After a night of cat-napping in between hideously painful coughing bouts, I got up, got dressed, and discovered that someone had reached in through the bars on the window and taken my phone.

SO. Off I went to the clinic, dragging myself down there on the subway. I was there when it opened, but I waited most of the day (coughing all the while) to be seen. When I did finally get seen, they tried to convince me I had asthma and made me sit with an inhaler for a while to see if it helped (it didn’t.) Eventually they agreed to do an x-ray, which they had a machine for on-site, which was the only good thing that happened that day. At that point I’d been out of contact with the world for most of the day; I needed a phone so my parents could call me, so the doctor could call me back with the x-ray results, so I could accept work if someone offered it to me. I went to the Sprint store and bought a phone as soon as I left the clinic — using a credit card of course, which is also how I’d paid for the clinic visit.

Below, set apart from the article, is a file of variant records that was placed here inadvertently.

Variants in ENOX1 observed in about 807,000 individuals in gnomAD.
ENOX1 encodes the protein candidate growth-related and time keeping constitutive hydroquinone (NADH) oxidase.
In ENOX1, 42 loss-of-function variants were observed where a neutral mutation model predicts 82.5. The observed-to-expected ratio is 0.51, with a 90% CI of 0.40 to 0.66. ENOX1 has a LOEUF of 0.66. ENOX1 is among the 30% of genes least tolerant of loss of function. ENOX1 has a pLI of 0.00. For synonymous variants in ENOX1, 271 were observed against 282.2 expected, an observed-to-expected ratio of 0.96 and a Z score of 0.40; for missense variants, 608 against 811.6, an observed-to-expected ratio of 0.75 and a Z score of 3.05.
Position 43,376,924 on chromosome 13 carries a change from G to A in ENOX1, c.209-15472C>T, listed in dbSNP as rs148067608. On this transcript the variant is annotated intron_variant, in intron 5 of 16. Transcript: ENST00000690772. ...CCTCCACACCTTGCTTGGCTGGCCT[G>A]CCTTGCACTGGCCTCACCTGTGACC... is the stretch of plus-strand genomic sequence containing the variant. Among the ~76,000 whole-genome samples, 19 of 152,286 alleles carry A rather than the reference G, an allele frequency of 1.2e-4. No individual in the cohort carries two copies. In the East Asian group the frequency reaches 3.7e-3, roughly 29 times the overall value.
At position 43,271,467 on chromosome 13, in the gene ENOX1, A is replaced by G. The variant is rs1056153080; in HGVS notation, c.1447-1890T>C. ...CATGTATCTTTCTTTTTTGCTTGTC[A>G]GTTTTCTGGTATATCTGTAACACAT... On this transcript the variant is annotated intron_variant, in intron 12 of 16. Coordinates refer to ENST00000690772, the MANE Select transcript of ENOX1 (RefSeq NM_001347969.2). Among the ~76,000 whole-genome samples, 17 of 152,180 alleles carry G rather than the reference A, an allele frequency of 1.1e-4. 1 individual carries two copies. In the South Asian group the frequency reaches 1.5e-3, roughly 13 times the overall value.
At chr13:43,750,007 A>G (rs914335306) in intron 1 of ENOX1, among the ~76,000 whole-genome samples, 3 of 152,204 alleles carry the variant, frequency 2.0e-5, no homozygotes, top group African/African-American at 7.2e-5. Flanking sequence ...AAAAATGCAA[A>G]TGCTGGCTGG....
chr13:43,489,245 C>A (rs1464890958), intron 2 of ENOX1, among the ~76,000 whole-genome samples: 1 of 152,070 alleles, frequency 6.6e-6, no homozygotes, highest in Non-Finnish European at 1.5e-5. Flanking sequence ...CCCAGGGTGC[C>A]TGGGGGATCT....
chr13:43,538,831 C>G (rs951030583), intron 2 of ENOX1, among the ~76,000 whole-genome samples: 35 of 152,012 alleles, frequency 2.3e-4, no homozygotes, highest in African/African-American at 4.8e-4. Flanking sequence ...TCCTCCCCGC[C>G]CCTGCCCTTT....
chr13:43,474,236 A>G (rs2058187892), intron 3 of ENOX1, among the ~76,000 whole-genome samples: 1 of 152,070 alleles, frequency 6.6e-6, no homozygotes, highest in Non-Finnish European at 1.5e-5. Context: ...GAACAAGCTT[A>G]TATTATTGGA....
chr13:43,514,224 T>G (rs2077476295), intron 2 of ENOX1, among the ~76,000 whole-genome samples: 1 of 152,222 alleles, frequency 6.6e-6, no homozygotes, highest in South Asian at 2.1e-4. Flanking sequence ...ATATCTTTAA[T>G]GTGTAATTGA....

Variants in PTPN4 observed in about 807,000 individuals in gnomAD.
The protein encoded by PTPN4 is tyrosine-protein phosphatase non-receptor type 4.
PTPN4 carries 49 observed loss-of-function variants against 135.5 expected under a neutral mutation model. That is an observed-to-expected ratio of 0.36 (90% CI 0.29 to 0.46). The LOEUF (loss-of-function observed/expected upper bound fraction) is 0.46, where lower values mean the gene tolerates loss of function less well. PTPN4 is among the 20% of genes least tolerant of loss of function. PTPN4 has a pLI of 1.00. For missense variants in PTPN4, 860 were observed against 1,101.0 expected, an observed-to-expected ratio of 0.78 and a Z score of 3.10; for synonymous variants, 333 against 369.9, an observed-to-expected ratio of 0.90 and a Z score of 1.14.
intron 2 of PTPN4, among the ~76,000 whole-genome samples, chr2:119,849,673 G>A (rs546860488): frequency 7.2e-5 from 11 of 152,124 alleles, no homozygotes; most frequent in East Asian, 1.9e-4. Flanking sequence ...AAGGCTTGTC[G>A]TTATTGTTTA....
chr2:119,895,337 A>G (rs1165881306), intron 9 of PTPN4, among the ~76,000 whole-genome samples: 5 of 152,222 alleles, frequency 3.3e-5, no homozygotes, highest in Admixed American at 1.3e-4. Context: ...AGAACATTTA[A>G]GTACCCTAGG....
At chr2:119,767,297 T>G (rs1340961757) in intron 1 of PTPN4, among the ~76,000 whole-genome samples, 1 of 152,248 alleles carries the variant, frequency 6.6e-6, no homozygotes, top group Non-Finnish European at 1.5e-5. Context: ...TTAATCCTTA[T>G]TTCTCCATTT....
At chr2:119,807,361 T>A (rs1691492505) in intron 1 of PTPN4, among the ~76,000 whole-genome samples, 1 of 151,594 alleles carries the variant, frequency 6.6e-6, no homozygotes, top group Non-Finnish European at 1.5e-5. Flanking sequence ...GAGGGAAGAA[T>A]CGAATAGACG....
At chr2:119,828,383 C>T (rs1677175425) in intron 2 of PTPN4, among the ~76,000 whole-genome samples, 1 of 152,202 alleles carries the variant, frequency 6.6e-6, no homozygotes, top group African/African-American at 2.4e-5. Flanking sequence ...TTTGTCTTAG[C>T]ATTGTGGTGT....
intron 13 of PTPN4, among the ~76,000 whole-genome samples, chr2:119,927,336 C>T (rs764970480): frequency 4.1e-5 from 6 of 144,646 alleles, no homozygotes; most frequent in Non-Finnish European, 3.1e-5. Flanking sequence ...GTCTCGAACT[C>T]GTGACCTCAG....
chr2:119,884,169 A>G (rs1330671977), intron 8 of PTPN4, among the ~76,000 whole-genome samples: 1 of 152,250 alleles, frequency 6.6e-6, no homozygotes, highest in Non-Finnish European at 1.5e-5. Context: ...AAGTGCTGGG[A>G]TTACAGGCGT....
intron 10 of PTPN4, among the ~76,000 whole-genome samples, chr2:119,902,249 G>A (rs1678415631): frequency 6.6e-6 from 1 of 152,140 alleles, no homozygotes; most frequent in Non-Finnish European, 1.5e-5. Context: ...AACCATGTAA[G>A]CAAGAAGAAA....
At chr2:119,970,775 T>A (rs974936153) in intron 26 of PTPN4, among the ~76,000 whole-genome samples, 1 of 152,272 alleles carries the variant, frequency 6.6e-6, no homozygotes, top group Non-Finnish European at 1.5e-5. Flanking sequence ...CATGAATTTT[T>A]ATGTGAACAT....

It turned out I had pneumonia (they called the next day after the x-ray was read.) Luckily it wasn’t a very serious case, as these things go; I took a course of really really huge antibiotic pills (also, of course, paid for on credit) and within a few days I could breathe enough to lie down. It took me nearly a month to be completely back to normal though. I’m forever grateful to Law and Order because in the middle of my recovery period they booked me for a day of PA work, which was money I desperately needed. But when I showed up with a terrible, very loud cough (I wasn’t contagious!) and too weak to do almost anything, they let me sit and guard all the personal stuff belonging to the extras and crew, just about the only job I could have managed in that state.

I honestly don’t know what I would have done if I’d had to be hospitalized. Probably still be paying off that debt today. But I wouldn’t have been in that situation in the first place if I’d had insurance, because I would have gone to the doctor well before the pneumonia stage.

It was a really awful day, though, that day. Stolen cell phone, sliding scale clinic, no idea where my next bit of work was coming from…. I hope I never get back to that place again.

What was your lowest ever financial moment?